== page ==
Calif. prisons on soft lockdown; medical staff ordered to work overtime
The state launched a 14-day statewide soft lockdown and told nurses they must work 16-hour shifts or face reprisal
By Paige St. John
Los Angeles Times
LOS ANGELES — California has launched a 14-day statewide soft lockdown in its prisons amid the coronavirus and told exhausted prison nurses that if they're ordered to work 16-hour shifts, they must comply or face reprisal.
Inmates will be fed in their cells but still given access to prison services, exercise yards, supply canteens and phone calls within their own housing groups, the California Department of Corrections and Rehabilitation announced Tuesday.
"For the next 14 days," department chief Ralph Diaz said in a prepared statement, "there are going to be a lot of changes within our institutions, but we do it with the overall health and safety of all those who live and work in them, and the health and safety of the public, at the forefront."
The prison system, which had mandated use of N95 masks only around confirmed COVID-19 patients, has relaxed restrictions and will allow prison workers to bring in their own masks and face coverings for more widespread use. They still are saying the state-issued respirator masks should be reused while on rounds, noting "there is not an exact determination on the number of safe reuses."
These steps — in addition to the previous curtailment of visitation, gate screening and temperature checks of employees, and planned early release of some 3,500 inmates — come as three federal judges scrutinize whether more drastic measures are required at the prisons. One of the judges, U.S. District Judge Jon Tigar, has asked the state to report whether it can triple the early releases, freeing inmates as much as six months before the end of their sentence. A response is due Friday. Another judge, U.S. District Judge Kimberly Mueller, has asked the state to respond to a proposed order to resume admitting inmates into state psychiatric hospitals. The state shut down psychiatric admissions to limit the spread of the virus, but inmate attorneys say that leaves those who are suicidal or in psychotic crisis without critical care.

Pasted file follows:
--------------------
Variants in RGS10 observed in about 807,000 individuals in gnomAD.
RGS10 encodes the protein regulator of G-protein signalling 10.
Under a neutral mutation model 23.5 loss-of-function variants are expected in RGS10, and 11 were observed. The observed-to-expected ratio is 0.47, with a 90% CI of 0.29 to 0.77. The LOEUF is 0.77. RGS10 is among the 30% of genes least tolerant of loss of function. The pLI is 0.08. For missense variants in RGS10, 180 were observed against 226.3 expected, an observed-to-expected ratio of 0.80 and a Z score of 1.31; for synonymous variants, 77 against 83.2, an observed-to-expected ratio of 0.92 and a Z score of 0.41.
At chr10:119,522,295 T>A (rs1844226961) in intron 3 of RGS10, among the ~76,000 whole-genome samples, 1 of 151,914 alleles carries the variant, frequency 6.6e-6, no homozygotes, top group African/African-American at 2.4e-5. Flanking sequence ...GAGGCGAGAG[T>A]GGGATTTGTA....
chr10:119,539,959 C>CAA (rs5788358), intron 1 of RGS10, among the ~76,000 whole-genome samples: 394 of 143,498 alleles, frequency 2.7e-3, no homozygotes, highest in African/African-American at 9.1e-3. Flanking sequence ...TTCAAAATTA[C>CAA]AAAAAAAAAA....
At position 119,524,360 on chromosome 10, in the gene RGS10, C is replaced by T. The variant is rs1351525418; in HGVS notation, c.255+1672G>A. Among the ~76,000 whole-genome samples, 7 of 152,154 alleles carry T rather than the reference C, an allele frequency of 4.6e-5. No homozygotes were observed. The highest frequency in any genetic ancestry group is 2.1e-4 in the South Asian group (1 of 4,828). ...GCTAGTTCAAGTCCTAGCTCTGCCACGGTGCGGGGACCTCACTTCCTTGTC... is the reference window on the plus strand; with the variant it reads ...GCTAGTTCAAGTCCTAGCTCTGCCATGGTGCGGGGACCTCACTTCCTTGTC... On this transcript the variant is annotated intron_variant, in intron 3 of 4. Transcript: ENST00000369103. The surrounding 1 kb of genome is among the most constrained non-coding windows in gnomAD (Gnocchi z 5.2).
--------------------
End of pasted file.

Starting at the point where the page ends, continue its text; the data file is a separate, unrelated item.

Civil rights lawyers have asked the courts for even further action — suggesting mass releases or creation of alternative housing to protect more than 45,000 prisoners with known health risks that would make them more vulnerable to severe illness or death from COVID-19.
The prison infection rate as of Wednesday had climbed to 81 cases, 19 of them inmates and 62 prison workers, including two nurses from the state medical prison near Stockton. A spokeswoman for the prison system said staff absences due to illness had now climbed to more than 1,100 workers who were out Sunday.
Meanwhile, overtime has become mandatory for some prison medical staff. In a memo sent out April 1, the head of California Correctional Health Care Services informed nurses at prisons statewide that if they were ordered to work extended shifts or to skip their days off, they must do so.
"A refusal to a mandate is insubordination," Dr. Shereef Arf wrote. "It is not acceptable and it will not be tolerated."
First refusals will result in a write-up, Arf wrote. "A second refusal will be referred, as a request for Adverse Action, to the Hiring Authority."
One prison medical worker, who spoke anonymously out of fear of losing her job, said the stress was intense.
"Nursing staff [have] children out of school; to be away 16 hours not including walk time to the parking lot and drive time home could add up to 18 hours a day," she said. In many cases, both spouses work at the prison. "It's stressful. There is no such thing as 'social distancing' in prison.
"Also, the office staff have masks, but if you go on a housing unit, very few have masks because of the scarcity. … We are confused as to why they seem to have masks for administrative posts."
She added, "Oh, and an inmate committed suicide yesterday. And two officers committed suicide in March."
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